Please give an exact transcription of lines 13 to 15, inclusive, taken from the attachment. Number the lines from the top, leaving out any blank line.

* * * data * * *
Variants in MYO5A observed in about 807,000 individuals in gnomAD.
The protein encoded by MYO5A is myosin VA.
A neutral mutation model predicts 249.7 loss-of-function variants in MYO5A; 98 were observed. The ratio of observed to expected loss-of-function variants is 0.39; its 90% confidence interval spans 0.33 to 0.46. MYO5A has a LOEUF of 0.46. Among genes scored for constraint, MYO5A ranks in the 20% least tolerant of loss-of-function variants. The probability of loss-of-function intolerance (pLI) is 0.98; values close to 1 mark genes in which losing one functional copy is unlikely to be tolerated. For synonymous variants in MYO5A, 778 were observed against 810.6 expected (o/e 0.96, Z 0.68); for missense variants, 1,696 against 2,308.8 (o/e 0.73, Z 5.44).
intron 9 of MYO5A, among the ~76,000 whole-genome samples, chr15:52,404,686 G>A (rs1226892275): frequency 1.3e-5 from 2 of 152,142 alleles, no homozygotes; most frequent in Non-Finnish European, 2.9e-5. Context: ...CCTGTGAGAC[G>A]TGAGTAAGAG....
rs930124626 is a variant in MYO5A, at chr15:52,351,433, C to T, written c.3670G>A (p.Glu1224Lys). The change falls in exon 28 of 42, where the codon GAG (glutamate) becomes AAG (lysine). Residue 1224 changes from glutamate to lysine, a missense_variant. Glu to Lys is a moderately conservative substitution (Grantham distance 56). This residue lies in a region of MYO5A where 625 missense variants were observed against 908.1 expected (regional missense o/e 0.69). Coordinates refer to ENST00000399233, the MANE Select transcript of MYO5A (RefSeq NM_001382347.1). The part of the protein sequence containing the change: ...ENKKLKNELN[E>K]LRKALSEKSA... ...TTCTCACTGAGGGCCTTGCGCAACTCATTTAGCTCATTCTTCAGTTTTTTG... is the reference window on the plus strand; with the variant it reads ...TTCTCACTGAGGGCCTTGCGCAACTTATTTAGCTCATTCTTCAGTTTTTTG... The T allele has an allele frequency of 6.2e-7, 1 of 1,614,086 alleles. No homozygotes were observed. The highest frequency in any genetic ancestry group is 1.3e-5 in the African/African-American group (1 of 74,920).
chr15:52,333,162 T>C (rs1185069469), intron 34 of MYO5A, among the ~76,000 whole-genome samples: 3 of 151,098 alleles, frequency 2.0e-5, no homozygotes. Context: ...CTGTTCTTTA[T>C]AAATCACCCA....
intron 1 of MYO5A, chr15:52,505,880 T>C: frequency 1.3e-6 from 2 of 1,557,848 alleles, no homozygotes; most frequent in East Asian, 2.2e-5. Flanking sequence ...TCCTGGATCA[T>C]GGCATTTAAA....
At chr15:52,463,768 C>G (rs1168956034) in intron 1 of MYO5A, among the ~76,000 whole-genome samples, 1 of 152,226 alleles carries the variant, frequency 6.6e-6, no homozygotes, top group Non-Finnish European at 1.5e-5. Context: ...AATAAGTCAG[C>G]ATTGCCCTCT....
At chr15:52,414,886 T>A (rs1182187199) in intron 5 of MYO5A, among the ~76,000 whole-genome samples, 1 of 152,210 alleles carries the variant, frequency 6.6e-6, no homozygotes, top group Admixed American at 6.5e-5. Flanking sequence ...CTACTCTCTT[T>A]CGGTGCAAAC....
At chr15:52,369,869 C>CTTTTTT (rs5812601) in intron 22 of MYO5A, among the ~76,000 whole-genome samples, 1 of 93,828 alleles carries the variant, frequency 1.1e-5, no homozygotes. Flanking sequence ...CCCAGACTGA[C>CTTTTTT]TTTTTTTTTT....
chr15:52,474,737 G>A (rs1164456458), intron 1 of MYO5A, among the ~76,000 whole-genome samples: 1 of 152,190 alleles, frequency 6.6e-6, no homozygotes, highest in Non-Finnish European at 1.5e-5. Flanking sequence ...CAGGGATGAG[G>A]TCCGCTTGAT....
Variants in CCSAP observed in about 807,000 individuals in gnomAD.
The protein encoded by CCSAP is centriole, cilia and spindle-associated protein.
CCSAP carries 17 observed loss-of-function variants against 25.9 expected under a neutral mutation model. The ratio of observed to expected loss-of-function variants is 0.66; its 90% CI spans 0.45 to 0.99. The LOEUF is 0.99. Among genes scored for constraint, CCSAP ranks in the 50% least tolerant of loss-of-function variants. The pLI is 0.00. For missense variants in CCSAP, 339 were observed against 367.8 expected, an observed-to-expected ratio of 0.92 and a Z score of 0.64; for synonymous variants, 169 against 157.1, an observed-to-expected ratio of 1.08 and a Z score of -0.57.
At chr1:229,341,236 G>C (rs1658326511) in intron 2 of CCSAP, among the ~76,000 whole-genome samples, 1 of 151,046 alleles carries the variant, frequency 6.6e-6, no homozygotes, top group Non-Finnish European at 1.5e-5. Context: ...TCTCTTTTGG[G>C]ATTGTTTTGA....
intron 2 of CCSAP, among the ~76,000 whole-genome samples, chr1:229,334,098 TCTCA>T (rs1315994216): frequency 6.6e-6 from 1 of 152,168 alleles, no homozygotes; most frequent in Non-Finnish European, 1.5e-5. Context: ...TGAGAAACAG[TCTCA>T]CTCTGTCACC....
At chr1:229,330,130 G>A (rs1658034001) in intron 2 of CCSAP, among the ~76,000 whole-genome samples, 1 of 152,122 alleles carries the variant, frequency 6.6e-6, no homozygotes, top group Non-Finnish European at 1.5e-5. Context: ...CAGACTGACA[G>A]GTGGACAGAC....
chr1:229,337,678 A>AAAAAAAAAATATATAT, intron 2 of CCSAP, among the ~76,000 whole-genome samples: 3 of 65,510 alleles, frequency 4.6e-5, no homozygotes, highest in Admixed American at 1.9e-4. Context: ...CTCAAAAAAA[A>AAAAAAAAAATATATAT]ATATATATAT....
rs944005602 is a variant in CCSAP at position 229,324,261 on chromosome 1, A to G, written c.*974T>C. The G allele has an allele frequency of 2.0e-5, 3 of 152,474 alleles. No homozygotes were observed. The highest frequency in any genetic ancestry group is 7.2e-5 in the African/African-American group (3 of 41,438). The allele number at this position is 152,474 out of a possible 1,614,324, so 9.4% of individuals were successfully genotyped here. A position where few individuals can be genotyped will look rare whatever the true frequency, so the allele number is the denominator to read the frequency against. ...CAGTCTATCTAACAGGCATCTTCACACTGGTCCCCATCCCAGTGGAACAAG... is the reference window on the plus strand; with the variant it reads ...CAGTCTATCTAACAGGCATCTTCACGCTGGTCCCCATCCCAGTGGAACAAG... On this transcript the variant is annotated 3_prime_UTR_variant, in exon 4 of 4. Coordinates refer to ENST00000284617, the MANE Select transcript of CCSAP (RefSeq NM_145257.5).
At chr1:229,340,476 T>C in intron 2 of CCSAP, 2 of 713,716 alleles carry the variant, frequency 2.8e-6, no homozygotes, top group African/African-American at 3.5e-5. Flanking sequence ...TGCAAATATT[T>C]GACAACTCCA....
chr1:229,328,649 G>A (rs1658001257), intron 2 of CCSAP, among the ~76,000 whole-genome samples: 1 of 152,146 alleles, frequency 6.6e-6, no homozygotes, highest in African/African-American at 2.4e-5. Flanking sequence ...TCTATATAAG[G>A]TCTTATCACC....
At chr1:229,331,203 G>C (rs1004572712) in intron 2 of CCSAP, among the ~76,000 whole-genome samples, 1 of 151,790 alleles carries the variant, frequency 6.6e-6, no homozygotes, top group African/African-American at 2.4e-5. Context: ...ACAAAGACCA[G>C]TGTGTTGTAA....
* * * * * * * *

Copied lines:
The protein encoded by CCSAP is centriole, cilia and spindle-associated protein.
CCSAP carries 17 observed loss-of-function variants against 25.9 expected under a neutral mutation model. The ratio of observed to expected loss-of-function variants is 0.66; its 90% CI spans 0.45 to 0.99. The LOEUF is 0.99. Among genes scored for constraint, CCSAP ranks in the 50% least tolerant of loss-of-function variants. The pLI is 0.00. For missense variants in CCSAP, 339 were observed against 367.8 expected, an observed-to-expected ratio of 0.92 and a Z score of 0.64; for synonymous variants, 169 against 157.1, an observed-to-expected ratio of 1.08 and a Z score of -0.57.
At chr1:229,341,236 G>C (rs1658326511) in intron 2 of CCSAP, among the ~76,000 whole-genome samples, 1 of 151,046 alleles carries the variant, frequency 6.6e-6, no homozygotes, top group Non-Finnish European at 1.5e-5. Context: ...TCTCTTTTGG[G>C]ATTGTTTTGA....